Amazon Alexa debuted more than a year after Apple's home automation offerings became available. Despite that, a quick Google search shows that Alexa has considerably more compatible products available for purchase. Simply put, Amazon has made Alexa much more developer-friendly.
Its tech support forum is extremely efficient, and my questions always answered within a few hours -- exponentially quicker than with Apple. I've even been able to meet in-person with Paul Cutsinger, who is on the Alexa team, to get help with software or hardware issues. Amazon's open-arms welcome to developers and manufacturers is a refreshing experience, particularly after the excruciating process of obtaining a HomeKit certification.
Massive consumer traffic is a big asset that can be effectively harnessed by Amazon to entice smart home consumers.
They can easily source, and build Alexa compatible products and their open-source API can help Alexa become the standard in home automation hubs as the product's variety of skills, like controlling your thermostat or controlling your lights, has now surpassed 300.
It's a similar approach to Tesla's free-for-all approach to patents. Create the platform or the technology, and open it to others so your proprietary design becomes the flag-bearer that others follow.
While Alexa's text-to-speech has received considerable praise, there's still a need to refine and improve the artificial intelligence (AI) because the product is still liable to stumble with some seemingly simple questions or requests. If Amazon wins, that victory will be largely due to the company's advantage as a consumer destination.
Don't forget Google.
Amazon does not currently possess the technical capabilities of Google, when it comes to creating high-end autonomous robots.
The scope of Google's projects -- from mapping the entire world to pioneering self-driving cars -- suggests that developing a high-quality AI home automation hub is right in line with its abilities. Google has arguably the best AI engine in the world and its opensource machine-learning system, TensorFlow, shows immense promise in smart home automation.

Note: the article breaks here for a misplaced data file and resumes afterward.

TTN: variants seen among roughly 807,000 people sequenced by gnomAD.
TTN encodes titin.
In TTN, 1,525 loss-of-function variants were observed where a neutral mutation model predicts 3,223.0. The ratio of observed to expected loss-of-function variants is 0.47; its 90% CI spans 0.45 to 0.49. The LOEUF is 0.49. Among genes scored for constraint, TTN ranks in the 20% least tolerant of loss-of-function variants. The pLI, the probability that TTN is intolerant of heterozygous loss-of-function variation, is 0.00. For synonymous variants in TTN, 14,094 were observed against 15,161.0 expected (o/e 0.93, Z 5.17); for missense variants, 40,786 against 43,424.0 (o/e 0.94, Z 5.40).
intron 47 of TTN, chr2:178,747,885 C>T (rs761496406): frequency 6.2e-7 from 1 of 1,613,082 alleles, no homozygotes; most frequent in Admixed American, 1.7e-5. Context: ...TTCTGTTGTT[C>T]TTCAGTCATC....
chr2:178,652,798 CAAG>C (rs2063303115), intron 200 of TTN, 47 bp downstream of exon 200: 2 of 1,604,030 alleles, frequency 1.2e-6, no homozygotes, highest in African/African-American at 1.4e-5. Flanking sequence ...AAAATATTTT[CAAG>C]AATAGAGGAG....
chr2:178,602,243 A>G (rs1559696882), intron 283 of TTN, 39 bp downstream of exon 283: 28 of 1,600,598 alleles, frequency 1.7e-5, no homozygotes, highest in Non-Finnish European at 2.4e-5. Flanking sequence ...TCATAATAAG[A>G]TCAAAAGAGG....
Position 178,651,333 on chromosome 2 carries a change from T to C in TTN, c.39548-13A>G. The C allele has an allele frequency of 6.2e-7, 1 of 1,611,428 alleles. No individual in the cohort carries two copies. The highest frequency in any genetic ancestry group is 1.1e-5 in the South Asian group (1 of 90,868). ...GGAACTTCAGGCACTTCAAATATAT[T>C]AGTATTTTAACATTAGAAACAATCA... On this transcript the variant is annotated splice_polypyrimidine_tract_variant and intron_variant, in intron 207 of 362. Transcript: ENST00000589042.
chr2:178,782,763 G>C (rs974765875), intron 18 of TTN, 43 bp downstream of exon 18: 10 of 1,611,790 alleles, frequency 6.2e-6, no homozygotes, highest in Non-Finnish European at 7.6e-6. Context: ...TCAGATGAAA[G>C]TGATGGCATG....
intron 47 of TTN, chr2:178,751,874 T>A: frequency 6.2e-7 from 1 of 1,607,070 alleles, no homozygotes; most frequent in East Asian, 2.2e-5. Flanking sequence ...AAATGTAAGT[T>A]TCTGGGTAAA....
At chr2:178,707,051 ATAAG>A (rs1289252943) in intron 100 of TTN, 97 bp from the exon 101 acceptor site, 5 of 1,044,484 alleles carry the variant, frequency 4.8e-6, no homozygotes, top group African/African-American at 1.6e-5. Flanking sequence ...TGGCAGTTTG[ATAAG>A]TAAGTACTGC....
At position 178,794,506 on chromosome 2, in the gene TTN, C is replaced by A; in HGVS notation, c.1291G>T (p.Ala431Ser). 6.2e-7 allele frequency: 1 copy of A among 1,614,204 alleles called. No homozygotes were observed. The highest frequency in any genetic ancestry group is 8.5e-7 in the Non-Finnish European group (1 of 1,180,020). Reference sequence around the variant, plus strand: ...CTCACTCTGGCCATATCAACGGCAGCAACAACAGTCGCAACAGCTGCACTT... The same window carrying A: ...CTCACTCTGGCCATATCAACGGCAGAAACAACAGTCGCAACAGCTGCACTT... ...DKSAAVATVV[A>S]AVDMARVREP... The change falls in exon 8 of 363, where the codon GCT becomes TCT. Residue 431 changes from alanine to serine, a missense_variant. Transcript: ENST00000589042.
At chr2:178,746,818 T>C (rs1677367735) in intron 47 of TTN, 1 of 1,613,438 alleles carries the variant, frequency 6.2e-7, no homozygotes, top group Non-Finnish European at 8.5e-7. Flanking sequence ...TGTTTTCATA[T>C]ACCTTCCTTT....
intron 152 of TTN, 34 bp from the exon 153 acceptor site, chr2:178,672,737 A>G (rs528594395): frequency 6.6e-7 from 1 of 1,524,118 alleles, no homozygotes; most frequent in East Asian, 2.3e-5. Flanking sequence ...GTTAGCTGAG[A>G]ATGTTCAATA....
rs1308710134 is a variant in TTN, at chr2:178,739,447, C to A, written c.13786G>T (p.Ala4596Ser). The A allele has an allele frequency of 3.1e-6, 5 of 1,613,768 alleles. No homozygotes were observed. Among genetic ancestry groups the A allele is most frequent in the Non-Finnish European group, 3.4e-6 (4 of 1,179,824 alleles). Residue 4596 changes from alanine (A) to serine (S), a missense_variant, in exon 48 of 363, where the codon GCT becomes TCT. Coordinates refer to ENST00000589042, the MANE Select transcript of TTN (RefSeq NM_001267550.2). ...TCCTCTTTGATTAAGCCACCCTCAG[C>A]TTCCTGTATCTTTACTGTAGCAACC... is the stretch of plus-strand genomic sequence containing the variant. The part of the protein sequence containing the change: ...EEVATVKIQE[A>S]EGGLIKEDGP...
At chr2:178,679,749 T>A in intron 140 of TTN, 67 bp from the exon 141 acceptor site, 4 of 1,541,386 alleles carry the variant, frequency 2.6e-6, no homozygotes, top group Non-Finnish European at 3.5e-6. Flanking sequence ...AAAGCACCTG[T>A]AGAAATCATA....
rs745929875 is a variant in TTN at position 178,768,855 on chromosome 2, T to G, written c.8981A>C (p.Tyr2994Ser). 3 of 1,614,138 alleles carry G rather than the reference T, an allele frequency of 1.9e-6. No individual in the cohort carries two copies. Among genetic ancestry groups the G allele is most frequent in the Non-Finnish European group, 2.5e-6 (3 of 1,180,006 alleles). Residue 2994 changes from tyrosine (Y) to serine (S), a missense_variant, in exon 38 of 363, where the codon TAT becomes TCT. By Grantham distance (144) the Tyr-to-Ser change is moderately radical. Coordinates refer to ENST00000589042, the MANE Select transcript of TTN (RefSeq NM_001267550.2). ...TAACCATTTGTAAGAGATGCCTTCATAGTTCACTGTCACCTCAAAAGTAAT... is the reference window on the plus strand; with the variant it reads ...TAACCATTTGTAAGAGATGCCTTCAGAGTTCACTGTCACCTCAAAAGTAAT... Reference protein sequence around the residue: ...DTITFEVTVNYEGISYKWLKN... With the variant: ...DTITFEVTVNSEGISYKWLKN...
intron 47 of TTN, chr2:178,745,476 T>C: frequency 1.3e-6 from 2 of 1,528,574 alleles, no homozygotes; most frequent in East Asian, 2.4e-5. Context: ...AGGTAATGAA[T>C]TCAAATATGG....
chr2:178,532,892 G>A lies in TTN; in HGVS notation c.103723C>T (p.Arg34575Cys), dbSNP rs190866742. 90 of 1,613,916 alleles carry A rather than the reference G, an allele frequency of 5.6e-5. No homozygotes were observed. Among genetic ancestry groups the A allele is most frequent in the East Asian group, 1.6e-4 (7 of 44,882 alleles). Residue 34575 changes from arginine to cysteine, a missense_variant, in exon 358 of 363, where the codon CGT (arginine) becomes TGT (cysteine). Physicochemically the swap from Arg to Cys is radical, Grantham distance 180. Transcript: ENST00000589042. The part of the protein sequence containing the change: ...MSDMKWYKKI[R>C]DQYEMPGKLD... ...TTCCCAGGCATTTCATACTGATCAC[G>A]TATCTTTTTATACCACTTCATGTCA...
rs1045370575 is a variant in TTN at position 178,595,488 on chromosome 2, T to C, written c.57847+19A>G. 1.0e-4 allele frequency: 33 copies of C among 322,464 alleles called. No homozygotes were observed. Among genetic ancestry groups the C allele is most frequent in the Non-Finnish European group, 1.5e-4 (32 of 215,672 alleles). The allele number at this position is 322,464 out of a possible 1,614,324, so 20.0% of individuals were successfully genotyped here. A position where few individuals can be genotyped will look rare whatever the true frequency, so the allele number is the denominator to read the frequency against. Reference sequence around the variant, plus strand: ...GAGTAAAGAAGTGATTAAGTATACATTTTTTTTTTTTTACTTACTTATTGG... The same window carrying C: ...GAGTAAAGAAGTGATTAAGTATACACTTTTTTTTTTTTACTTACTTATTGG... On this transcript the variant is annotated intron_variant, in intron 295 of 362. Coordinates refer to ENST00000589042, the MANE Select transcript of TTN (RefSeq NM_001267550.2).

Imagine giving your home the ability to learn from your behavior. It will get to know your daily routine, and it will anticipate what you want and when you want it. Maybe that desire is simply turning on the coffee maker before you wake up, or adjusting the heat, when you leave or return to your home.
With Google Vision, a speaker hub won't always be the centerpiece for an automated home. Optical machine learning will read your facial expression to anticipate what you want, eliminating the need to talk to a speaker.
Additionally, Google's massive developer ecosystem provides a big boost in leading the home automation pack. Its impressive developer base means it will be able to create a diverse set of applications and functions to fit the ever-changing needs of people and homes with more intuition and practicality than Alexa.
If it integrates Google Home into its next Android update, its consumer reach will expand dramatically. Unfortunately, its Google Home device is a bit late to the market. It's slated to release in fall 2016, while Amazon's Echo has already sold three million units since its 2014 debut.
The cost barrier is too high.
Your average consumer does not have the disposable income required for Amazon Echo's $180 price tag, particularly when there are home automation growing pains. Comprehensive integration with other devices still requires some development.
Amazon recently opened its Alexa voice services to developers -- a move that promises to expedite the usefulness and real-world application of the Echo but also allows competitors and copycats to access the programming behind Alexa.
Either way, open platforms are great for consumers. Accessibility and widespread use lowers costs for manufacturers and consumers alike. Amazon and Google both have a track record of releasing low-cost products to acquire large market shares.
In the end, open platforms, which are welcoming to developers and programmers alike, are proving critical in creating a diverse home-automation ecosystem that appeals to people of all backgrounds. Beyond that, price point will define the winner. With the wide-ranging monetization possibilities brought on by home automation, ranging from services and subscriptions to integrated appliances, the company that can bring its automation hub down to $50 will win the race. Hands-down.